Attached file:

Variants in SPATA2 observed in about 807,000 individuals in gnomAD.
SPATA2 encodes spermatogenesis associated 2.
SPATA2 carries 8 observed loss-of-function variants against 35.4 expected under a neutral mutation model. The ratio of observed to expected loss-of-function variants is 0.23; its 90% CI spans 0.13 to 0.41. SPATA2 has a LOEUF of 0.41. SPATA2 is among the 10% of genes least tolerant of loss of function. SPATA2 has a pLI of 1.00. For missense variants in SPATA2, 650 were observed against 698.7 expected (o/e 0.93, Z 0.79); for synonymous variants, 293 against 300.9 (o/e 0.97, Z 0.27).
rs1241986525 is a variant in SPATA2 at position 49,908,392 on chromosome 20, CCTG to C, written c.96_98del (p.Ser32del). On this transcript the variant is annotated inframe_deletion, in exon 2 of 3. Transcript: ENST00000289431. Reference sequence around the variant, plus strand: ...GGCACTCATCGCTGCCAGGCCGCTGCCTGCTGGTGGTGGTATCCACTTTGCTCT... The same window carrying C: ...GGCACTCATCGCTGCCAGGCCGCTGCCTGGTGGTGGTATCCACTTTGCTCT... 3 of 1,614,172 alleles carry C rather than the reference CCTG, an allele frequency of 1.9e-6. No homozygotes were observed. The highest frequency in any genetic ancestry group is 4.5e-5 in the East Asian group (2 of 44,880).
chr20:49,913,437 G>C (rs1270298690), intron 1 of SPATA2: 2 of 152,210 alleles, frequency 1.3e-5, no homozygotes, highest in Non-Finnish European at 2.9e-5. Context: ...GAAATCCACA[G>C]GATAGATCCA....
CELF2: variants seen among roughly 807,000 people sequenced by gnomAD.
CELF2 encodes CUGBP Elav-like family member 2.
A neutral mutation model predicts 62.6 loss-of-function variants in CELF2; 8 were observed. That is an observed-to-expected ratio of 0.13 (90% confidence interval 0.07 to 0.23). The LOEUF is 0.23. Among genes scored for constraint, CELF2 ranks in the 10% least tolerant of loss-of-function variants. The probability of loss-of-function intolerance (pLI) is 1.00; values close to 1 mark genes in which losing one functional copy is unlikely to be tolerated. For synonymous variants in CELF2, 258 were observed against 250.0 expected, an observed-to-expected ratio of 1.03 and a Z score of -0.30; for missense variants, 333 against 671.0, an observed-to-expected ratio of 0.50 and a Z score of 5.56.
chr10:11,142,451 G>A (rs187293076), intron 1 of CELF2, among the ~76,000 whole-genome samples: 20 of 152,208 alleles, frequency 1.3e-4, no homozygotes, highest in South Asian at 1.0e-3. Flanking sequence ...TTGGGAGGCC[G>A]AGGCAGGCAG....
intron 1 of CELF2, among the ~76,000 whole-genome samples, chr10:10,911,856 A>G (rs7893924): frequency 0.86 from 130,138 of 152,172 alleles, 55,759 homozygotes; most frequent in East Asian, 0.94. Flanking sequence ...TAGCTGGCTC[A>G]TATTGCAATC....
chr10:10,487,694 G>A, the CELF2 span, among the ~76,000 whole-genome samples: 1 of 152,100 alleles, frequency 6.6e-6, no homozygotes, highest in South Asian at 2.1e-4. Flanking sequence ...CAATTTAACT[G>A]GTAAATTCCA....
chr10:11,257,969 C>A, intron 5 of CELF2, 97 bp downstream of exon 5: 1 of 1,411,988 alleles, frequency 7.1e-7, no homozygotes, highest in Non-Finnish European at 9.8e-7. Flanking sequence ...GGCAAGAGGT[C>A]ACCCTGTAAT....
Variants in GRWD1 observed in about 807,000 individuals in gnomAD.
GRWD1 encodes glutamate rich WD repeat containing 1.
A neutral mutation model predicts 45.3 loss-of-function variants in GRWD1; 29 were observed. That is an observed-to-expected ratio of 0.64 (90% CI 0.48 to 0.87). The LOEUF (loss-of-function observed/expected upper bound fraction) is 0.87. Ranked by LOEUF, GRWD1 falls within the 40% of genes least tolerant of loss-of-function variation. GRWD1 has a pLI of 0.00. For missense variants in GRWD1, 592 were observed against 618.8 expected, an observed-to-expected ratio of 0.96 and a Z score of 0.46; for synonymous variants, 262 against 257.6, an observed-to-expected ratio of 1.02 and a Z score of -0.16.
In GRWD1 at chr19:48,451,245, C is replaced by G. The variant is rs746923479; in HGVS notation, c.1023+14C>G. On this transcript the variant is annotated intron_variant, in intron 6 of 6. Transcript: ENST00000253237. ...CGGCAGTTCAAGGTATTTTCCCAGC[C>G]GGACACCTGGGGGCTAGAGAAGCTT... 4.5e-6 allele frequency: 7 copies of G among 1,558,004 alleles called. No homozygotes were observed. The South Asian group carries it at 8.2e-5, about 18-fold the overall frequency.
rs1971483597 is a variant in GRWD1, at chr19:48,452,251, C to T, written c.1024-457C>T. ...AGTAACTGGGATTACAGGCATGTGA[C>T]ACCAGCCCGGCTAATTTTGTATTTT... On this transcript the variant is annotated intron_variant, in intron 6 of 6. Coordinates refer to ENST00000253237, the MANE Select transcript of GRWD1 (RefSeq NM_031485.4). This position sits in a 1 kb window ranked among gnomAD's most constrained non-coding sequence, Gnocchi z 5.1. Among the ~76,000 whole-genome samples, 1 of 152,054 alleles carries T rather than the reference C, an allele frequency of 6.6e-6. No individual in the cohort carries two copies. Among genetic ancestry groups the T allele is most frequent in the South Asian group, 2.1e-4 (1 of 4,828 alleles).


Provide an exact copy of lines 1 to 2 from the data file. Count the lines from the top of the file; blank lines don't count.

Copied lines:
Variants in SPATA2 observed in about 807,000 individuals in gnomAD.
SPATA2 encodes spermatogenesis associated 2.